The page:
Menthol Cigarettes Will Be Banned From Next Month
Menthol cigarettes will be banned next month, under new smoking laws set to come into force on 20th May.
After this date, menthols as well as skinny cigarettes will no longer be available, in new rules introduced with the aim of stopping young people from taking up smoking.
The move is part of a four-year plan that stems from new EU Tobacco Product Directive laws, which came into force on 19th May 2014, and became applicable in European countries two years later on 20th May 2016.
Menthol cigarettes are currently only available in packs of 20, but the new laws will ban them altogether and will see the production of click dual cigarettes (which change from normal to menthol) also eradicated.
A spokesperson for anti-smoking charity, Action on Smoking and Health (ASH) outlined the new rules and said: "No person may produce or supply a cigarette or hand rolling tobacco with:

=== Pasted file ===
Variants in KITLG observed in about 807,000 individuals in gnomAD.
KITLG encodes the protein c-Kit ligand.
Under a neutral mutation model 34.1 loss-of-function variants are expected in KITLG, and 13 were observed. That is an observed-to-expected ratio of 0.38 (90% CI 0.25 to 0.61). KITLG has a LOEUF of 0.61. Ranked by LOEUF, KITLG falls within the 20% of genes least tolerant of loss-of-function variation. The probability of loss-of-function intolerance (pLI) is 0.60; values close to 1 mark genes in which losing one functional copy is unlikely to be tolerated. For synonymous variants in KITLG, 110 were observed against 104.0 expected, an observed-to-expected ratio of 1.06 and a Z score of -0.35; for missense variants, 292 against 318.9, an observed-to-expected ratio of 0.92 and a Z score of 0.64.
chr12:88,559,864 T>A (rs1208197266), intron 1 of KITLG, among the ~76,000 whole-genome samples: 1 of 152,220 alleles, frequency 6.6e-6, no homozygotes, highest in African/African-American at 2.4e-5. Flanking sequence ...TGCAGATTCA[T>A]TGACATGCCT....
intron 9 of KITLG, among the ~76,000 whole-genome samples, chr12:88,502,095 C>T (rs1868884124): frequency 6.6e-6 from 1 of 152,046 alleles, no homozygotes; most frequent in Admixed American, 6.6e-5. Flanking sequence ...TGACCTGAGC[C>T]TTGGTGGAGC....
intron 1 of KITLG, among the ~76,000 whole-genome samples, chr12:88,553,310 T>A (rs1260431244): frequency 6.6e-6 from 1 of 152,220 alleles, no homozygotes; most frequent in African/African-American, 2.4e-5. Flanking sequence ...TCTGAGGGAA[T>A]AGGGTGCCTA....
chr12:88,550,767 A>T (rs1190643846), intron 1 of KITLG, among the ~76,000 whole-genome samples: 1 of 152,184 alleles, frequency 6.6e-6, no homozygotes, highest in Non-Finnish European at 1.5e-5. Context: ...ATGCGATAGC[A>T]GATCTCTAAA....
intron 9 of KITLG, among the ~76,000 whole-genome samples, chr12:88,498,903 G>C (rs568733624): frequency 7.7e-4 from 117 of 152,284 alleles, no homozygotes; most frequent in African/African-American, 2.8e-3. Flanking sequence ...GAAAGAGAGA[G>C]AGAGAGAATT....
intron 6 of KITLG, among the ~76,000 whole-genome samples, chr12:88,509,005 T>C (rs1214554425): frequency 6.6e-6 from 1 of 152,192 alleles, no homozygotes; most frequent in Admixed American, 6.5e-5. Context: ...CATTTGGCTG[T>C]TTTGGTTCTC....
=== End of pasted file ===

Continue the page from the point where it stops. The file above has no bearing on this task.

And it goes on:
"(a) a filter, paper, package, capsule or other component containing flavourings;
"(b) a filter, paper or capsule containing tobacco or nicotine; or
"(c) a technical feature allowing the consumer to modify the smell, taste, or smoke intensity of the product."
Amanda Sandford, of Action on Smoking and Health (ASH), said that the move will hopefully make smoking less appealing, especially to young people.
According to Cancer Research UK, two thirds of smokers start smoking before the age of 18.
Amanda told the Liverpool Echo: "Cigarettes are already expensive. And the price increase of cigarettes is a key factor in making people quit smoking.
"So, by removing the packet of 10 cigarettes this means people will have to find that extra money for a packet. It will hit poorer and younger smokers harder who are more likely to buy smaller packs.
"[...] There is evidence that menthol cigarettes relax the airways and the flavour masks the harshness of the smoke, therefore younger people find it easier to smoke."
Amanda explains it is a myth that menthol cigarettes are "better for you" adding that all cigarettes are harmful.
However, while they are not proven to be any more toxic than regular cigarettes, research gathered by the US Food and Drug Administration (FDA) in 2011 found that they are more addictive and harder to quit.
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